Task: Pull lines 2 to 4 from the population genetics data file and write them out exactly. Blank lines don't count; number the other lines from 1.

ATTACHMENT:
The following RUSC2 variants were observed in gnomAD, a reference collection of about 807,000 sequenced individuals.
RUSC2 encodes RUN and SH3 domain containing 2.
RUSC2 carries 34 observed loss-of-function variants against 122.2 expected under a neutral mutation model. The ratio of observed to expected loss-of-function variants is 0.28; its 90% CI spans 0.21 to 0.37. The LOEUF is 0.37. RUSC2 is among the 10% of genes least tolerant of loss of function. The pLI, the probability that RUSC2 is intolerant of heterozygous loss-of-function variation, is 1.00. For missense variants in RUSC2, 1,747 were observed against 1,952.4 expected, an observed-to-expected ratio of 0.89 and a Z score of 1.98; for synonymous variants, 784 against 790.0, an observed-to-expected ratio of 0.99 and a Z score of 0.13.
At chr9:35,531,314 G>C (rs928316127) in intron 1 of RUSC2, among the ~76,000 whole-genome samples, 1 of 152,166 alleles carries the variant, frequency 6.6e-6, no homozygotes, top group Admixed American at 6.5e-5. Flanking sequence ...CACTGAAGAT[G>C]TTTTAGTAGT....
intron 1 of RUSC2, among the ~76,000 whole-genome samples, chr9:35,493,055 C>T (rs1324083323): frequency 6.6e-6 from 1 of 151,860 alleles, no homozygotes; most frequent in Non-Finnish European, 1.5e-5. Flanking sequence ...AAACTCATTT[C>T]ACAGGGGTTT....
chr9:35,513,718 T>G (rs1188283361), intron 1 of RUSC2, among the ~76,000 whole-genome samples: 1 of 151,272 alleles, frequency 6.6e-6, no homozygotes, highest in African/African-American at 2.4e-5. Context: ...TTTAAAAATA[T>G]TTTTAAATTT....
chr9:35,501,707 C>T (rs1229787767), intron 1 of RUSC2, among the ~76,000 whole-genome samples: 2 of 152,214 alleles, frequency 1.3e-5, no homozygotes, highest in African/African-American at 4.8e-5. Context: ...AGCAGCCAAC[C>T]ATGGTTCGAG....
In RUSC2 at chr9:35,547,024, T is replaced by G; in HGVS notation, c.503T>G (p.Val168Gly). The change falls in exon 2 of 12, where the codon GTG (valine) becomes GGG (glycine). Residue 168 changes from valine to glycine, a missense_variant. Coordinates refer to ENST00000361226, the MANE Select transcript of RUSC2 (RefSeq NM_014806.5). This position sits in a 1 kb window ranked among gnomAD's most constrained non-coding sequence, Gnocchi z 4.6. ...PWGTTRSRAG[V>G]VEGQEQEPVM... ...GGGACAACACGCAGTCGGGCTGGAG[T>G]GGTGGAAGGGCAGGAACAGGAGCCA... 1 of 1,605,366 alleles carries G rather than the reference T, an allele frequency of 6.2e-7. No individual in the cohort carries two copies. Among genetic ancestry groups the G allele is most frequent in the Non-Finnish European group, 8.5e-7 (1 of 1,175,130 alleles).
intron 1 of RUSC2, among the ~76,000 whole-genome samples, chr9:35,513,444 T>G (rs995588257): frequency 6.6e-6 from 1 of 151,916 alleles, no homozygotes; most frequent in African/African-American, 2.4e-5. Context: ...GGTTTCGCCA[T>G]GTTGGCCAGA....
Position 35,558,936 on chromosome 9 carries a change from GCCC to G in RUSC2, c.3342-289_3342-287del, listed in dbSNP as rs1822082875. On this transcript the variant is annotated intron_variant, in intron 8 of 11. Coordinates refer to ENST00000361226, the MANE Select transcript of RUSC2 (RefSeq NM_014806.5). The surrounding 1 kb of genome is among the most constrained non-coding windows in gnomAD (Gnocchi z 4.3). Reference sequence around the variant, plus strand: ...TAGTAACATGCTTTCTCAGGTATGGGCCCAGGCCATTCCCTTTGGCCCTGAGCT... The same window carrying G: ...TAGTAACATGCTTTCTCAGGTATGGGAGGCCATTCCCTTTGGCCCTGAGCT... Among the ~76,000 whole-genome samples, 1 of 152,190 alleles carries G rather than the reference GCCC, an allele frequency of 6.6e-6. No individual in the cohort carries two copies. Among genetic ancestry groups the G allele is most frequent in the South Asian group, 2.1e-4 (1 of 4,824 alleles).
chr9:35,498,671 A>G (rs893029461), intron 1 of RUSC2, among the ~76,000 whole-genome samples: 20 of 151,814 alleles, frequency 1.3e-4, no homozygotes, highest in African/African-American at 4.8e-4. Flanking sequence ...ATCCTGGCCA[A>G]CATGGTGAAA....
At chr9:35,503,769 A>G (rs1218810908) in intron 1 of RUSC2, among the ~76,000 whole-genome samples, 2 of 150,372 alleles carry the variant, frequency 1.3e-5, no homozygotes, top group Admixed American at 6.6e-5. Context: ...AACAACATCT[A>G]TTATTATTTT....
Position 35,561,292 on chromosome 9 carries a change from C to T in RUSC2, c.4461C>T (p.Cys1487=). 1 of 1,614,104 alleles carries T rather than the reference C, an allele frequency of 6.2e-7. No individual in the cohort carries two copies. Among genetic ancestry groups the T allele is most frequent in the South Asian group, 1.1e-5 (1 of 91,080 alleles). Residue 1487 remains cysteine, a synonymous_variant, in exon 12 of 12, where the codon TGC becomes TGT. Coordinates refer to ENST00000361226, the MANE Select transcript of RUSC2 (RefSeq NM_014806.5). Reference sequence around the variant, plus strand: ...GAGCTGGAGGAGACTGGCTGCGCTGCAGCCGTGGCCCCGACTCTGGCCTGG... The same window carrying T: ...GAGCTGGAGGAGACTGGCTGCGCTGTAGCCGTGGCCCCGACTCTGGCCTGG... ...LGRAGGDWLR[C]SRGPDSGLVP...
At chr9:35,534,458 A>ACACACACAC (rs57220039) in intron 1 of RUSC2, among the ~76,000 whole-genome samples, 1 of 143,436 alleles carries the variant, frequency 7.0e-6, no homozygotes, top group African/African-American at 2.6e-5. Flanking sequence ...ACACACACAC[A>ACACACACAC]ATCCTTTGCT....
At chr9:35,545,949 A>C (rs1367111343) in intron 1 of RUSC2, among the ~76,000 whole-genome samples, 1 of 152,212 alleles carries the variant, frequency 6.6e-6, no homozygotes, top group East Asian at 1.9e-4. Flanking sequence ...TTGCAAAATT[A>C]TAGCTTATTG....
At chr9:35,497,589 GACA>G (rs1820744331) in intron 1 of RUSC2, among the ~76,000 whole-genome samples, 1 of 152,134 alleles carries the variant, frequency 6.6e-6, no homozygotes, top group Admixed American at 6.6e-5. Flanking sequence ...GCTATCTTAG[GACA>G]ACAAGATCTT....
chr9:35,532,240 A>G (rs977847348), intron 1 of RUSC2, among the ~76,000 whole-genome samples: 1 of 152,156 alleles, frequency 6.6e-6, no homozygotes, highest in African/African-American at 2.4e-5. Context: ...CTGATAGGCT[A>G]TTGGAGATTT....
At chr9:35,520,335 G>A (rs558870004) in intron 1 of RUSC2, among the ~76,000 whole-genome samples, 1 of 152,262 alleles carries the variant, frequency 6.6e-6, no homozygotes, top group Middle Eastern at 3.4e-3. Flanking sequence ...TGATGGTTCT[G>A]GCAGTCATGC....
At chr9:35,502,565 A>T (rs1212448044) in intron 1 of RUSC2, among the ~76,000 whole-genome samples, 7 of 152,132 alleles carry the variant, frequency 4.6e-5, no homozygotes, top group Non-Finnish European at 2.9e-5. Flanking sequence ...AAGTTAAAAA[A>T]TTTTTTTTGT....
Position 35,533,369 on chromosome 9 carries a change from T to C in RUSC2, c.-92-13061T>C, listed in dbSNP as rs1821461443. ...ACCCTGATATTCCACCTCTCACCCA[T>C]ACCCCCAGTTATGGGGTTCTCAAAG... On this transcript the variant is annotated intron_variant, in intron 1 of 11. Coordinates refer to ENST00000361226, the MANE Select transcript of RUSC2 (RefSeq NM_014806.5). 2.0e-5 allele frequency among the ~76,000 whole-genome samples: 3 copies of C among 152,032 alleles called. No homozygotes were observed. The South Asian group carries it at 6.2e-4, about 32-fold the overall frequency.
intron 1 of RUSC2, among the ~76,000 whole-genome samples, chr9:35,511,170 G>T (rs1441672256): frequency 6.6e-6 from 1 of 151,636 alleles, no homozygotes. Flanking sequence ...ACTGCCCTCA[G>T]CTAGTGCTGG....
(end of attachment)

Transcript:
RUSC2 encodes RUN and SH3 domain containing 2.
RUSC2 carries 34 observed loss-of-function variants against 122.2 expected under a neutral mutation model. The ratio of observed to expected loss-of-function variants is 0.28; its 90% CI spans 0.21 to 0.37. The LOEUF is 0.37. RUSC2 is among the 10% of genes least tolerant of loss of function. The pLI, the probability that RUSC2 is intolerant of heterozygous loss-of-function variation, is 1.00. For missense variants in RUSC2, 1,747 were observed against 1,952.4 expected, an observed-to-expected ratio of 0.89 and a Z score of 1.98; for synonymous variants, 784 against 790.0, an observed-to-expected ratio of 0.99 and a Z score of 0.13.
At chr9:35,531,314 G>C (rs928316127) in intron 1 of RUSC2, among the ~76,000 whole-genome samples, 1 of 152,166 alleles carries the variant, frequency 6.6e-6, no homozygotes, top group Admixed American at 6.5e-5. Flanking sequence ...CACTGAAGAT[G>C]TTTTAGTAGT....